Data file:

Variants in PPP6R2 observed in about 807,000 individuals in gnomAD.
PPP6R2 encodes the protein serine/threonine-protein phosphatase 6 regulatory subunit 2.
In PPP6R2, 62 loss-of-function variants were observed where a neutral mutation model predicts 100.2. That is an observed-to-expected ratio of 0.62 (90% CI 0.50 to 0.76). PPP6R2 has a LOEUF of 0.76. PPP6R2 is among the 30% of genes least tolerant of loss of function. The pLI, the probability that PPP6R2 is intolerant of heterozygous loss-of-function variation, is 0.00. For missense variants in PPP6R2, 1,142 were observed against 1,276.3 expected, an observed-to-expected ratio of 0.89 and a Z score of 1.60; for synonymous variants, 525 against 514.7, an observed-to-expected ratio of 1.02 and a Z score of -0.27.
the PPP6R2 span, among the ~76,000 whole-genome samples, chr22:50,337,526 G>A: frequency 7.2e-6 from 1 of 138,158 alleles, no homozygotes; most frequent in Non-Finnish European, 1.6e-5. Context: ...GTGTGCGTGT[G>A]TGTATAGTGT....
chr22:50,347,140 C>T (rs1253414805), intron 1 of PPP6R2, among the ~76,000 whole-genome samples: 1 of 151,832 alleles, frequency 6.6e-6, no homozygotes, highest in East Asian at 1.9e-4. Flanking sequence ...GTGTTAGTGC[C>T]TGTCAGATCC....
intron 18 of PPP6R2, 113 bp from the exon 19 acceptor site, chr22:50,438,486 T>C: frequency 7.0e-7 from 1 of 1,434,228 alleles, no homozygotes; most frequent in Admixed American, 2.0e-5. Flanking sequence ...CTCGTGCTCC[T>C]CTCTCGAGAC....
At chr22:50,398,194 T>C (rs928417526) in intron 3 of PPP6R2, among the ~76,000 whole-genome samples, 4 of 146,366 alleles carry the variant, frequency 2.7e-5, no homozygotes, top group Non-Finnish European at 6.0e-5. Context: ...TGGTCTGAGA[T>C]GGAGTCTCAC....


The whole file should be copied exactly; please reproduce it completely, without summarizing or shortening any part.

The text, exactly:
Variants in PPP6R2 observed in about 807,000 individuals in gnomAD.
PPP6R2 encodes the protein serine/threonine-protein phosphatase 6 regulatory subunit 2.
In PPP6R2, 62 loss-of-function variants were observed where a neutral mutation model predicts 100.2. That is an observed-to-expected ratio of 0.62 (90% CI 0.50 to 0.76). PPP6R2 has a LOEUF of 0.76. PPP6R2 is among the 30% of genes least tolerant of loss of function. The pLI, the probability that PPP6R2 is intolerant of heterozygous loss-of-function variation, is 0.00. For missense variants in PPP6R2, 1,142 were observed against 1,276.3 expected, an observed-to-expected ratio of 0.89 and a Z score of 1.60; for synonymous variants, 525 against 514.7, an observed-to-expected ratio of 1.02 and a Z score of -0.27.
the PPP6R2 span, among the ~76,000 whole-genome samples, chr22:50,337,526 G>A: frequency 7.2e-6 from 1 of 138,158 alleles, no homozygotes; most frequent in Non-Finnish European, 1.6e-5. Context: ...GTGTGCGTGT[G>A]TGTATAGTGT....
chr22:50,347,140 C>T (rs1253414805), intron 1 of PPP6R2, among the ~76,000 whole-genome samples: 1 of 151,832 alleles, frequency 6.6e-6, no homozygotes, highest in East Asian at 1.9e-4. Flanking sequence ...GTGTTAGTGC[C>T]TGTCAGATCC....
intron 18 of PPP6R2, 113 bp from the exon 19 acceptor site, chr22:50,438,486 T>C: frequency 7.0e-7 from 1 of 1,434,228 alleles, no homozygotes; most frequent in Admixed American, 2.0e-5. Flanking sequence ...CTCGTGCTCC[T>C]CTCTCGAGAC....
At chr22:50,398,194 T>C (rs928417526) in intron 3 of PPP6R2, among the ~76,000 whole-genome samples, 4 of 146,366 alleles carry the variant, frequency 2.7e-5, no homozygotes, top group Non-Finnish European at 6.0e-5. Context: ...TGGTCTGAGA[T>C]GGAGTCTCAC....